A small (and imperfectly formed) October round up!

Ha! This will probably be the worst round up I have ever posted as life has seen me flying by the seat of my pants this month. I have been juggling some home stuff with exciting new responsibilities at work, and grappling once again with the peculiarities of my misbehaving laptop (adds to Christmas wishlist), so although I have been reading steadily, the reviewing aspect has rather gone out of the window. I did have a series of disappointing reads so, in a rather ham-fisted attempt to catch up with myself and let the world know that I haven’t disappeared entirely, here is a quick round up of some of the books I’ve been reading- the good, and the meh…

Officially on the blog this month, I managed the grand total of two reviews…hangs head in shame…

John Le Carre- The Little Drummer Girl

Quentin Bates- Cold Breath

So moving swiftly on I also read the four below, plus the start of a few others that fell quickly by the wayside…

  

Although widely reviewed and praised already, C. J. Tudor- The Chalk Man, was as brilliant as everyone has proclaimed so far. With its split timeline, shades of Stephen King, and one of the best endings I have read for some time, this was a real almost in one sitting job. I loved the authenticity of the character’s voices as youngsters, and Tudor’s building of suspense and tension was just nerve shredding. An absolute dream for booksellers across the land to recommend, and I thoroughly enjoyed it!

Soon, it will be announced why I’m reading so much Scandinavian crime in a compressed time, but until that point, here is a trinity of Nordic thrillers. I thought Ane Riel- Resin was superb, again with an authentic child’s voice, in a claustrophobic tale of the lengths one man will go to in order to protect his family. With its fairytale quality, this was creepy and macabre in equal measure, and with its encroaching forest setting, the landscape used seemed to perfectly mirror the dark tale that unfolds. Unfortunately, Karin Fossum- The Whisperer, proved a little disappointing, although the build up in the beginning recounting the lonely life, and subsequent arrest of the whispering woman of the title for a slowly revealed crime, promised much. I did enjoy the head-to-head interrogation by Fossum regular, Inspector Konrad Sejer of the seemingly mouse-like suspect, Ragna Riegel, but it was all a little too ponderous and drawn out- about 100 pages too drawn out. Shame. Susanne Jansson- The Forbidden Place was not without its charms, particularly in the very atmospheric use of the remote Swedish wetlands, and the rather likeable main character of the young female biologist returning to her childhood community and caught up in a crime mystery with supernatural overtones. Again though, I found myself drifting off as those little annoying clichés rose to the surface, but luckily the setting, and back story of bodies discovered in peat bogs through the ages appealed to my more ghoulish fascination…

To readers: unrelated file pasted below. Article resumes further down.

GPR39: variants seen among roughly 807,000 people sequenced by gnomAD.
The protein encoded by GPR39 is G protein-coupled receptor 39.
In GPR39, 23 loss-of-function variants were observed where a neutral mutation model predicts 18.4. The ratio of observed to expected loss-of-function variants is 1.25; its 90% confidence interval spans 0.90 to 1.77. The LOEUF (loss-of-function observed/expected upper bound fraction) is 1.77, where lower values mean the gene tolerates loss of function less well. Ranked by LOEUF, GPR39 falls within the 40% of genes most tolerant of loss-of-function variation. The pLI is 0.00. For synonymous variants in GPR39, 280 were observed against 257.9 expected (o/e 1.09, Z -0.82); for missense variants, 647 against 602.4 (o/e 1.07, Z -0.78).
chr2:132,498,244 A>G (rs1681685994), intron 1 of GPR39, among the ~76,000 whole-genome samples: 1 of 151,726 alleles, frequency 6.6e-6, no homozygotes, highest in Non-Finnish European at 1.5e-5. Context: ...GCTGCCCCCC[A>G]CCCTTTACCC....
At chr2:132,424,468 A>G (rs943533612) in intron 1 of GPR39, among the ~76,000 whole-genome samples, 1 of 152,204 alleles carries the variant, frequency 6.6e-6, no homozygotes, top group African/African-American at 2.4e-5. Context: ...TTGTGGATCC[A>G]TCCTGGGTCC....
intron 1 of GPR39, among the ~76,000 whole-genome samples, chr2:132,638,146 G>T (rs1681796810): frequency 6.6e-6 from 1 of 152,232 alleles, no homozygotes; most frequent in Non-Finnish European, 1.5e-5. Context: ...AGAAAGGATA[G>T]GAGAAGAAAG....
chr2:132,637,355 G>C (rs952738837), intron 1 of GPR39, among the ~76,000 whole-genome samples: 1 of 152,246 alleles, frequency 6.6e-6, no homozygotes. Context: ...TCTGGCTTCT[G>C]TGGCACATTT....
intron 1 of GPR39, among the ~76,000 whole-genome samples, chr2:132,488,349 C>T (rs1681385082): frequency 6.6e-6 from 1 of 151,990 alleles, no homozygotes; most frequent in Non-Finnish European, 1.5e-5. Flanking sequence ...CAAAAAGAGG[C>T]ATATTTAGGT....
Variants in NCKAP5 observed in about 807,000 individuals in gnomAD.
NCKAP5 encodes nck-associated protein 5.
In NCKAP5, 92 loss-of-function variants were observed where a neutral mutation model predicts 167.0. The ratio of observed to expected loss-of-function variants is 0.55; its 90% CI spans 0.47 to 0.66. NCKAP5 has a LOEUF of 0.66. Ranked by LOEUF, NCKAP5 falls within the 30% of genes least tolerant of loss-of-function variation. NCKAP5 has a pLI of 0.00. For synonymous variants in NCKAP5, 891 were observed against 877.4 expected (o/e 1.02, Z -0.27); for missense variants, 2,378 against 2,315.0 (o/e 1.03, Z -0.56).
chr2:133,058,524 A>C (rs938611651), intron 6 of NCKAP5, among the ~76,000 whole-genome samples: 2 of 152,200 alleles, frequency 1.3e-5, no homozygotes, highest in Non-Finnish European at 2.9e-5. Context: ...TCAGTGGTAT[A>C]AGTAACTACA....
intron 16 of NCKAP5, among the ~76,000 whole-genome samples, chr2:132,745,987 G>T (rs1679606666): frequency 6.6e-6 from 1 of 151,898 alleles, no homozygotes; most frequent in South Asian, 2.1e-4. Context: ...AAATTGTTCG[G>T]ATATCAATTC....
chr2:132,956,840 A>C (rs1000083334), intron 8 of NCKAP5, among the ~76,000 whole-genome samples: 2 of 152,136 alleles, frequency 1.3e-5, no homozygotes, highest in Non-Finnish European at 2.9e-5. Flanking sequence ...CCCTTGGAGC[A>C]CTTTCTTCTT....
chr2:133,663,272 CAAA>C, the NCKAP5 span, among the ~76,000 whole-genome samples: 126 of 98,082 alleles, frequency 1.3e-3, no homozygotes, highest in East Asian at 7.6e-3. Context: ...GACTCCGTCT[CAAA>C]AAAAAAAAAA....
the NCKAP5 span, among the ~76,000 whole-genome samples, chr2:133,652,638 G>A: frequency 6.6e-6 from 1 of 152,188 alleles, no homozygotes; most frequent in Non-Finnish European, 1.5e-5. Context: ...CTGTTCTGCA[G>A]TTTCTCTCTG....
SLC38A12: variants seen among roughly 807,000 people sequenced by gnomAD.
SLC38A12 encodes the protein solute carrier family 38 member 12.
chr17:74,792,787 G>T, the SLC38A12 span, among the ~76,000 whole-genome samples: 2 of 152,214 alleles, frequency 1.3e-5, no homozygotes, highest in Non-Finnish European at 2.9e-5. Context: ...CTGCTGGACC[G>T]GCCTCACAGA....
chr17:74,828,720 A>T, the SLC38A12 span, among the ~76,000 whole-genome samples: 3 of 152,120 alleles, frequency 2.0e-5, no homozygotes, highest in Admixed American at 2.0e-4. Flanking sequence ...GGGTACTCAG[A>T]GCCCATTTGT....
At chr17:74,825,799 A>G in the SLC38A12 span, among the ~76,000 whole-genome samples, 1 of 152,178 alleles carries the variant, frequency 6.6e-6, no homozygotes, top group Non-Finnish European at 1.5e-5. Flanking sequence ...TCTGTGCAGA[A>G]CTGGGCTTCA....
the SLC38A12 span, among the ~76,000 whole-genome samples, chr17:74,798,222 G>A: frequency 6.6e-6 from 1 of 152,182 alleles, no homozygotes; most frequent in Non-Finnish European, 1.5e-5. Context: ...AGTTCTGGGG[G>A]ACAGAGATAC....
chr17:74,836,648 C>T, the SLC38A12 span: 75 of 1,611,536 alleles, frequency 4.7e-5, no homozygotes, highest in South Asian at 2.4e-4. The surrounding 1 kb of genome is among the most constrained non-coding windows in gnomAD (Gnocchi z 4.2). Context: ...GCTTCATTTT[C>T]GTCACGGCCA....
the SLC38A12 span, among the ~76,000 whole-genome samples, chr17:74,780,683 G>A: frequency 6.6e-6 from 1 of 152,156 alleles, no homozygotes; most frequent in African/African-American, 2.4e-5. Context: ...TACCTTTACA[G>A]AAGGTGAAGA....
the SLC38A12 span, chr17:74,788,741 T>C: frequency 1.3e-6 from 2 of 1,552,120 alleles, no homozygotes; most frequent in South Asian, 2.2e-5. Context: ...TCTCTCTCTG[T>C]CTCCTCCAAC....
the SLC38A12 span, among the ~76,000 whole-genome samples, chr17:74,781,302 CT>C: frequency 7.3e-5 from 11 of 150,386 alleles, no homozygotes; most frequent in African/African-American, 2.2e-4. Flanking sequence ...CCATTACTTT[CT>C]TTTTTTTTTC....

But fear not, Raven followers, I have just read three brilliant, once of which I posted a review for today Margaret Millar- Vanish In An Instant and two more that I will hopefully get my bottom into gear and post soon- one of which has catapulted straight into my top three of the year. Yes indeed.

Have a lovely month of reading everyone, and if you are starting your Christmas shopping, just remember that books (bought from proper bookshops) make the best gift.

Yes they do.